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Title: The consequences of convulsive status epilepticus in children
Author: Martinos, M. M.
ISNI:       0000 0004 2730 0265
Awarding Body: University College London (University of London)
Current Institution: University College London (University of London)
Date of Award: 2011
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Convulsive status epilepticus (CSE) is the most common neurological emergency in childhood. Approximately half of new CSE cases occur in children with no perceptible neurological priors (Chin et al., 2006). Prolonged febrile seizures (PFS), a type of CSE that occurs in neurologically normal children, have been retrospectively linked to temporal lobe epilepsy with hippocampal sclerosis. Imaging studies have revealed hippocampal abnormalities soon after PFS, yet, no neuropsychological study to date has investigated these children close to the time of insult. The present thesis investigated the effects of CSE on child development within a month of the incident and, subsequently, a year onwards. The first aim of this thesis was to investigate the effects of CSE on developmental functions using standardized assessments. The second aim was to examine children with PFS for signs of hippocampal dysfunction close to the time of incident. We hypothesized that aetiology would largely influence outcome in our CSE cohort, and, that children with PFS would reveal deficits in a delayed recognition paradigm that is thought to tap onto hippocampal processes. Eighty children were seen a mean of 38 days following CSE (34 PFS) and 50 children (24 PFS) were re-assessed a year onwards. At baseline neuropsychological impairments were evident in children following CSE associated with a PFS, as well as, children following CSE associated with other aetiologies (non-PFS), albeit, these were more pronounced in the non-PFS group. Moreover, in line with our hypothesis, the PFS group revealed deficits in a task of incidental recognition memory alluding to the presence of hippocampal dysfunction in this group. A year onwards deficits were still apparent in the two patient groups, although, the PFS group had shown some improvement on a number of measures. The implications of these findings for our understanding of CSE are discussed in this thesis.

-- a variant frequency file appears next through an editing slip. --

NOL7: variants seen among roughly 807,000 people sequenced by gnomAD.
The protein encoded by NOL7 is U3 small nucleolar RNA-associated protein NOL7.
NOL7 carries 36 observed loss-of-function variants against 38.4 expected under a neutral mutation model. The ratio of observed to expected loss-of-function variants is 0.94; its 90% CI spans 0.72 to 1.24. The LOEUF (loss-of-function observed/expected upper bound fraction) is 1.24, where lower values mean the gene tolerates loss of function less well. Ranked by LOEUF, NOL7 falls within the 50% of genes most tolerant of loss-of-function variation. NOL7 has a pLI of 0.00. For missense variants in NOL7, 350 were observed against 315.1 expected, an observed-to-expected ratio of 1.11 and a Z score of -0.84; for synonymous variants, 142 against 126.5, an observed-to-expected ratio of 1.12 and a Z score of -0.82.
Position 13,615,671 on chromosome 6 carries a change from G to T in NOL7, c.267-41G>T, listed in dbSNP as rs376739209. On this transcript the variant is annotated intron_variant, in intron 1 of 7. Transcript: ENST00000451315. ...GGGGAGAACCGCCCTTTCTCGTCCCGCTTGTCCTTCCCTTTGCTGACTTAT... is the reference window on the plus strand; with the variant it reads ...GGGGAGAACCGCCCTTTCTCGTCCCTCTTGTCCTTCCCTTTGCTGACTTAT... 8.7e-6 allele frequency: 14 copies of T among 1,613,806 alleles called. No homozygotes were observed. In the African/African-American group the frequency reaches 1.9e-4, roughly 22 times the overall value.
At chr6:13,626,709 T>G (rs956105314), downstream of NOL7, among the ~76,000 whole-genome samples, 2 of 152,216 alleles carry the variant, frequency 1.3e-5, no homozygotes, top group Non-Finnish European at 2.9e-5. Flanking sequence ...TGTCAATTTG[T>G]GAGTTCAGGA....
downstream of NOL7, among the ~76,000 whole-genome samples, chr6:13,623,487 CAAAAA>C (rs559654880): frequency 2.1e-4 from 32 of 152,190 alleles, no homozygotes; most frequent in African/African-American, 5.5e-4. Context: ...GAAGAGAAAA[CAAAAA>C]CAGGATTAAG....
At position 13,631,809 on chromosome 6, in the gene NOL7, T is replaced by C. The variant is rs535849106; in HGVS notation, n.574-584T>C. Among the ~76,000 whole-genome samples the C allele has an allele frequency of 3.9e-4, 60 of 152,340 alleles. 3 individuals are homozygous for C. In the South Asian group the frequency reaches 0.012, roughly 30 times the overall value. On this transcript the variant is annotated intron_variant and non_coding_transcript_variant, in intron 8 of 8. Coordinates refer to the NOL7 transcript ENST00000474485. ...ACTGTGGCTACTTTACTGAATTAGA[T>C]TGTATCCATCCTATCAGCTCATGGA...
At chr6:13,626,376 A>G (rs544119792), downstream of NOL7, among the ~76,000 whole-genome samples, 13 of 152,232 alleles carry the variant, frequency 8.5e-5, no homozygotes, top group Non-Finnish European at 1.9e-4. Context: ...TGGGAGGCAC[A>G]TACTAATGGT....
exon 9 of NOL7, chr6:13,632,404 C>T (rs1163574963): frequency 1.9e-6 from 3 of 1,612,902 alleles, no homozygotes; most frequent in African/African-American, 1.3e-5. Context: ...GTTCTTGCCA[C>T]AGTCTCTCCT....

Supervisor: Not available Sponsor: Not available
Qualification Name: Thesis (Ph.D.) Qualification Level: Doctoral
EThOS ID:  DOI: Not available